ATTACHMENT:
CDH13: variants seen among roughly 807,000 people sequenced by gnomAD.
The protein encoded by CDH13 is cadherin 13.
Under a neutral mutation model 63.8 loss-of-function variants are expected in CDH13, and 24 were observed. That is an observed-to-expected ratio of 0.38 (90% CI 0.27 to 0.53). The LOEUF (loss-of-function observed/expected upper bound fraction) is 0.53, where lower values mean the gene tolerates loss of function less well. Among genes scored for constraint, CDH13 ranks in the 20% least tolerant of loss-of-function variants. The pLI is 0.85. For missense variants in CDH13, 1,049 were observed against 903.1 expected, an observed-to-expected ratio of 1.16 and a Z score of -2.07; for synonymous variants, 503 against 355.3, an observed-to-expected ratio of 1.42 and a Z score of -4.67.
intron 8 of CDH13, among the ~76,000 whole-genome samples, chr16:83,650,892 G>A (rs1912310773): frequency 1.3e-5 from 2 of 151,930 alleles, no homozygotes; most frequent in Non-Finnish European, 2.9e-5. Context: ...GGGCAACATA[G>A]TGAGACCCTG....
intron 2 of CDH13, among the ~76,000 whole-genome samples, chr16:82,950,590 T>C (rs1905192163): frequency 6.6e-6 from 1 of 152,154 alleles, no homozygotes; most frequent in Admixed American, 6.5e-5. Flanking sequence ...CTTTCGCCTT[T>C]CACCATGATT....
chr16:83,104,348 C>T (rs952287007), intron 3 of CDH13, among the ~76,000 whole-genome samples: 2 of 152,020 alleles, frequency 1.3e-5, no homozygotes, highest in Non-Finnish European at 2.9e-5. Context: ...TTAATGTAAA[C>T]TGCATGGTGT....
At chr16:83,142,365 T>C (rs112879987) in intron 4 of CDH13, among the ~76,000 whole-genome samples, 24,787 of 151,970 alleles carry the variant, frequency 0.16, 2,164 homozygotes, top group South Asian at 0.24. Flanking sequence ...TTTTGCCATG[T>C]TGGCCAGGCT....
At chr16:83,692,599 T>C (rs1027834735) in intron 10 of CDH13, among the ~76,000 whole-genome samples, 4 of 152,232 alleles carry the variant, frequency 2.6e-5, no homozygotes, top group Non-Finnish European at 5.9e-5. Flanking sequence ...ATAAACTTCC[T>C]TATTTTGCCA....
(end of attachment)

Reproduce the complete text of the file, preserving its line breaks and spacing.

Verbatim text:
CDH13: variants seen among roughly 807,000 people sequenced by gnomAD.
The protein encoded by CDH13 is cadherin 13.
Under a neutral mutation model 63.8 loss-of-function variants are expected in CDH13, and 24 were observed. That is an observed-to-expected ratio of 0.38 (90% CI 0.27 to 0.53). The LOEUF (loss-of-function observed/expected upper bound fraction) is 0.53, where lower values mean the gene tolerates loss of function less well. Among genes scored for constraint, CDH13 ranks in the 20% least tolerant of loss-of-function variants. The pLI is 0.85. For missense variants in CDH13, 1,049 were observed against 903.1 expected, an observed-to-expected ratio of 1.16 and a Z score of -2.07; for synonymous variants, 503 against 355.3, an observed-to-expected ratio of 1.42 and a Z score of -4.67.
intron 8 of CDH13, among the ~76,000 whole-genome samples, chr16:83,650,892 G>A (rs1912310773): frequency 1.3e-5 from 2 of 151,930 alleles, no homozygotes; most frequent in Non-Finnish European, 2.9e-5. Context: ...GGGCAACATA[G>A]TGAGACCCTG....
intron 2 of CDH13, among the ~76,000 whole-genome samples, chr16:82,950,590 T>C (rs1905192163): frequency 6.6e-6 from 1 of 152,154 alleles, no homozygotes; most frequent in Admixed American, 6.5e-5. Flanking sequence ...CTTTCGCCTT[T>C]CACCATGATT....
chr16:83,104,348 C>T (rs952287007), intron 3 of CDH13, among the ~76,000 whole-genome samples: 2 of 152,020 alleles, frequency 1.3e-5, no homozygotes, highest in Non-Finnish European at 2.9e-5. Context: ...TTAATGTAAA[C>T]TGCATGGTGT....
At chr16:83,142,365 T>C (rs112879987) in intron 4 of CDH13, among the ~76,000 whole-genome samples, 24,787 of 151,970 alleles carry the variant, frequency 0.16, 2,164 homozygotes, top group South Asian at 0.24. Flanking sequence ...TTTTGCCATG[T>C]TGGCCAGGCT....
At chr16:83,692,599 T>C (rs1027834735) in intron 10 of CDH13, among the ~76,000 whole-genome samples, 4 of 152,232 alleles carry the variant, frequency 2.6e-5, no homozygotes, top group Non-Finnish European at 5.9e-5. Flanking sequence ...ATAAACTTCC[T>C]TATTTTGCCA....